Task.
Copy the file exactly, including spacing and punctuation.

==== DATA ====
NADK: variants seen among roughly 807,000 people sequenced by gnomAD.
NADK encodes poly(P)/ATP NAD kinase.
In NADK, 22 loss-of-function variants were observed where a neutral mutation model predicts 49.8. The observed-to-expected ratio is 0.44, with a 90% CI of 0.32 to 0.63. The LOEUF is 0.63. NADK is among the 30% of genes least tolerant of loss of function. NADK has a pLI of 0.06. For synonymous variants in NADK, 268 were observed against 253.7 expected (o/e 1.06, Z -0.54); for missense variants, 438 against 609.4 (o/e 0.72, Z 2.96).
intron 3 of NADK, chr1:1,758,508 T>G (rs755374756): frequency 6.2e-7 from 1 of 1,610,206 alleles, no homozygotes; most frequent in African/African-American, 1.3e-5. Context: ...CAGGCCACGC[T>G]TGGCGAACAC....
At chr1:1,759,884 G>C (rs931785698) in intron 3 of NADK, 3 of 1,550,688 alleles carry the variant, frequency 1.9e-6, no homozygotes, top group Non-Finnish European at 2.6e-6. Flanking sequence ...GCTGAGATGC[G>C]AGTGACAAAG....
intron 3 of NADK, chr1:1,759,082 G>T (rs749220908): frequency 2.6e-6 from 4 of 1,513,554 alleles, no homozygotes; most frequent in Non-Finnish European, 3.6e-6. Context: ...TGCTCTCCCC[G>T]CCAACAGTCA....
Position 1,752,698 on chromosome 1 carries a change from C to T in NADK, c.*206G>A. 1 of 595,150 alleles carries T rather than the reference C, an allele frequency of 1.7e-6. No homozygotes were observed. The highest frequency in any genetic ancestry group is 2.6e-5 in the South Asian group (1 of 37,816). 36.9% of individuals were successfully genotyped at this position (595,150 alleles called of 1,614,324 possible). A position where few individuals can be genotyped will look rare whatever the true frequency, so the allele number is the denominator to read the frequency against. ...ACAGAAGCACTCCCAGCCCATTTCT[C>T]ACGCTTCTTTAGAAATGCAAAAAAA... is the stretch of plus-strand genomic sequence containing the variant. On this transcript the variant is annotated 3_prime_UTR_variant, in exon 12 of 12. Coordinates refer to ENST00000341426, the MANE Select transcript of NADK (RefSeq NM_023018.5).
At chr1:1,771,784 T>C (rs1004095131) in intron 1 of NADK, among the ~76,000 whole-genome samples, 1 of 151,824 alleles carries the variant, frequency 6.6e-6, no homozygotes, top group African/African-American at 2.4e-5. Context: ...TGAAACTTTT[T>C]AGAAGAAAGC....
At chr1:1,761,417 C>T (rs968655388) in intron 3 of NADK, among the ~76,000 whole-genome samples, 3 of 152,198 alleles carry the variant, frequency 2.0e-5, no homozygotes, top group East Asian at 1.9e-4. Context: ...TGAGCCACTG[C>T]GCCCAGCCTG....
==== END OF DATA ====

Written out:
NADK: variants seen among roughly 807,000 people sequenced by gnomAD.
NADK encodes poly(P)/ATP NAD kinase.
In NADK, 22 loss-of-function variants were observed where a neutral mutation model predicts 49.8. The observed-to-expected ratio is 0.44, with a 90% CI of 0.32 to 0.63. The LOEUF is 0.63. NADK is among the 30% of genes least tolerant of loss of function. NADK has a pLI of 0.06. For synonymous variants in NADK, 268 were observed against 253.7 expected (o/e 1.06, Z -0.54); for missense variants, 438 against 609.4 (o/e 0.72, Z 2.96).
intron 3 of NADK, chr1:1,758,508 T>G (rs755374756): frequency 6.2e-7 from 1 of 1,610,206 alleles, no homozygotes; most frequent in African/African-American, 1.3e-5. Context: ...CAGGCCACGC[T>G]TGGCGAACAC....
At chr1:1,759,884 G>C (rs931785698) in intron 3 of NADK, 3 of 1,550,688 alleles carry the variant, frequency 1.9e-6, no homozygotes, top group Non-Finnish European at 2.6e-6. Flanking sequence ...GCTGAGATGC[G>C]AGTGACAAAG....
intron 3 of NADK, chr1:1,759,082 G>T (rs749220908): frequency 2.6e-6 from 4 of 1,513,554 alleles, no homozygotes; most frequent in Non-Finnish European, 3.6e-6. Context: ...TGCTCTCCCC[G>T]CCAACAGTCA....
Position 1,752,698 on chromosome 1 carries a change from C to T in NADK, c.*206G>A. 1 of 595,150 alleles carries T rather than the reference C, an allele frequency of 1.7e-6. No homozygotes were observed. The highest frequency in any genetic ancestry group is 2.6e-5 in the South Asian group (1 of 37,816). 36.9% of individuals were successfully genotyped at this position (595,150 alleles called of 1,614,324 possible). A position where few individuals can be genotyped will look rare whatever the true frequency, so the allele number is the denominator to read the frequency against. ...ACAGAAGCACTCCCAGCCCATTTCT[C>T]ACGCTTCTTTAGAAATGCAAAAAAA... is the stretch of plus-strand genomic sequence containing the variant. On this transcript the variant is annotated 3_prime_UTR_variant, in exon 12 of 12. Coordinates refer to ENST00000341426, the MANE Select transcript of NADK (RefSeq NM_023018.5).
At chr1:1,771,784 T>C (rs1004095131) in intron 1 of NADK, among the ~76,000 whole-genome samples, 1 of 151,824 alleles carries the variant, frequency 6.6e-6, no homozygotes, top group African/African-American at 2.4e-5. Context: ...TGAAACTTTT[T>C]AGAAGAAAGC....
At chr1:1,761,417 C>T (rs968655388) in intron 3 of NADK, among the ~76,000 whole-genome samples, 3 of 152,198 alleles carry the variant, frequency 2.0e-5, no homozygotes, top group East Asian at 1.9e-4. Context: ...TGAGCCACTG[C>T]GCCCAGCCTG....